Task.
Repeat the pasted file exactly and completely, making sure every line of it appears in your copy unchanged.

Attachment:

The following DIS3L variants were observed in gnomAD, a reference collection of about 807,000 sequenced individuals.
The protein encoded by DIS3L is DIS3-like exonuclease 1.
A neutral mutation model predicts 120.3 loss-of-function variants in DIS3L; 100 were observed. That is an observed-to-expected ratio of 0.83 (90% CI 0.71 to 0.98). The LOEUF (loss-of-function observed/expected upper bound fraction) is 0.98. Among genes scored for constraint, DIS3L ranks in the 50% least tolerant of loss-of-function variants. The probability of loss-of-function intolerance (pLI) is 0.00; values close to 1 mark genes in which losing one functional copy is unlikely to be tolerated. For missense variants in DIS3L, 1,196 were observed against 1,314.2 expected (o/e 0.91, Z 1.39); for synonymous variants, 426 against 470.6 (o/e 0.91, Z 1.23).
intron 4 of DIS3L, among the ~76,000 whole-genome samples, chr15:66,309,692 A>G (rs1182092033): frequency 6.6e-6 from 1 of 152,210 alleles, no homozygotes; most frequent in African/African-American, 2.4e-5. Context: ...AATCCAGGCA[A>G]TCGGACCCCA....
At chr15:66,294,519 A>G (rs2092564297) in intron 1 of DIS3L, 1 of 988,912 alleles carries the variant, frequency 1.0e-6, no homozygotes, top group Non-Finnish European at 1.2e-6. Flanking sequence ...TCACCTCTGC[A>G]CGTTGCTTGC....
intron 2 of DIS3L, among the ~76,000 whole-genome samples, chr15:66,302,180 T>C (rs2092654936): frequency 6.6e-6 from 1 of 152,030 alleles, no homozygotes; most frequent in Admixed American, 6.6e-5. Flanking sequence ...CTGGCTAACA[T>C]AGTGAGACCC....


The following DIS3L variants were observed in gnomAD, a reference collection of about 807,000 sequenced individuals.
The protein encoded by DIS3L is DIS3-like exonuclease 1.
A neutral mutation model predicts 120.3 loss-of-function variants in DIS3L; 100 were observed. That is an observed-to-expected ratio of 0.83 (90% CI 0.71 to 0.98). The LOEUF (loss-of-function observed/expected upper bound fraction) is 0.98. Among genes scored for constraint, DIS3L ranks in the 50% least tolerant of loss-of-function variants. The probability of loss-of-function intolerance (pLI) is 0.00; values close to 1 mark genes in which losing one functional copy is unlikely to be tolerated. For missense variants in DIS3L, 1,196 were observed against 1,314.2 expected (o/e 0.91, Z 1.39); for synonymous variants, 426 against 470.6 (o/e 0.91, Z 1.23).
intron 4 of DIS3L, among the ~76,000 whole-genome samples, chr15:66,309,692 A>G (rs1182092033): frequency 6.6e-6 from 1 of 152,210 alleles, no homozygotes; most frequent in African/African-American, 2.4e-5. Context: ...AATCCAGGCA[A>G]TCGGACCCCA....
At chr15:66,294,519 A>G (rs2092564297) in intron 1 of DIS3L, 1 of 988,912 alleles carries the variant, frequency 1.0e-6, no homozygotes, top group Non-Finnish European at 1.2e-6. Flanking sequence ...TCACCTCTGC[A>G]CGTTGCTTGC....
intron 2 of DIS3L, among the ~76,000 whole-genome samples, chr15:66,302,180 T>C (rs2092654936): frequency 6.6e-6 from 1 of 152,030 alleles, no homozygotes; most frequent in Admixed American, 6.6e-5. Flanking sequence ...CTGGCTAACA[T>C]AGTGAGACCC....